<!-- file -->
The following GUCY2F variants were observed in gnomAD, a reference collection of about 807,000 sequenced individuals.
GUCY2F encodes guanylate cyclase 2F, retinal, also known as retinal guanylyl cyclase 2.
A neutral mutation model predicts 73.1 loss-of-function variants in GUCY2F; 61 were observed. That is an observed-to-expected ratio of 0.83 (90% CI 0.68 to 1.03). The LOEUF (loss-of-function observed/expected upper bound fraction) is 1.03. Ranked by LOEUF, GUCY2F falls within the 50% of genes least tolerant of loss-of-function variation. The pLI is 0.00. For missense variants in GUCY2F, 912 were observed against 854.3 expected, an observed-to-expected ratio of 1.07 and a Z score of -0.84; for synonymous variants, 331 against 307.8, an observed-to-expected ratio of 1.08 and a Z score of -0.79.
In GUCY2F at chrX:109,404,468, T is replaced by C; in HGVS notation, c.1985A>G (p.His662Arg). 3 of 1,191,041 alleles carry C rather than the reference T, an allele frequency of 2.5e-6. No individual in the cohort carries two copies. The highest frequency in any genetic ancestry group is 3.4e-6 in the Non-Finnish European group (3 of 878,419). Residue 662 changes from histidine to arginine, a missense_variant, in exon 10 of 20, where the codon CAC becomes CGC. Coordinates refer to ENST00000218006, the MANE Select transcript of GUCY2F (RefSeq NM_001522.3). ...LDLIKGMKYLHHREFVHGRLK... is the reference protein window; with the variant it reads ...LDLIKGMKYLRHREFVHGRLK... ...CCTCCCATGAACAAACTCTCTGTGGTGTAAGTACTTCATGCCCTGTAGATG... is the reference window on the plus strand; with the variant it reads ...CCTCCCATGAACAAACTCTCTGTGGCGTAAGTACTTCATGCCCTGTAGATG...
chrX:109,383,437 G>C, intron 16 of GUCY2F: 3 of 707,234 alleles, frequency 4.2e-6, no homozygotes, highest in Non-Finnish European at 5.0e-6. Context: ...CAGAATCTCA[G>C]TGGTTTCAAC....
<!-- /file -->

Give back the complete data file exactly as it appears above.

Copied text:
The following GUCY2F variants were observed in gnomAD, a reference collection of about 807,000 sequenced individuals.
GUCY2F encodes guanylate cyclase 2F, retinal, also known as retinal guanylyl cyclase 2.
A neutral mutation model predicts 73.1 loss-of-function variants in GUCY2F; 61 were observed. That is an observed-to-expected ratio of 0.83 (90% CI 0.68 to 1.03). The LOEUF (loss-of-function observed/expected upper bound fraction) is 1.03. Ranked by LOEUF, GUCY2F falls within the 50% of genes least tolerant of loss-of-function variation. The pLI is 0.00. For missense variants in GUCY2F, 912 were observed against 854.3 expected, an observed-to-expected ratio of 1.07 and a Z score of -0.84; for synonymous variants, 331 against 307.8, an observed-to-expected ratio of 1.08 and a Z score of -0.79.
In GUCY2F at chrX:109,404,468, T is replaced by C; in HGVS notation, c.1985A>G (p.His662Arg). 3 of 1,191,041 alleles carry C rather than the reference T, an allele frequency of 2.5e-6. No individual in the cohort carries two copies. The highest frequency in any genetic ancestry group is 3.4e-6 in the Non-Finnish European group (3 of 878,419). Residue 662 changes from histidine to arginine, a missense_variant, in exon 10 of 20, where the codon CAC becomes CGC. Coordinates refer to ENST00000218006, the MANE Select transcript of GUCY2F (RefSeq NM_001522.3). ...LDLIKGMKYLHHREFVHGRLK... is the reference protein window; with the variant it reads ...LDLIKGMKYLRHREFVHGRLK... ...CCTCCCATGAACAAACTCTCTGTGGTGTAAGTACTTCATGCCCTGTAGATG... is the reference window on the plus strand; with the variant it reads ...CCTCCCATGAACAAACTCTCTGTGGCGTAAGTACTTCATGCCCTGTAGATG...
chrX:109,383,437 G>C, intron 16 of GUCY2F: 3 of 707,234 alleles, frequency 4.2e-6, no homozygotes, highest in Non-Finnish European at 5.0e-6. Context: ...CAGAATCTCA[G>C]TGGTTTCAAC....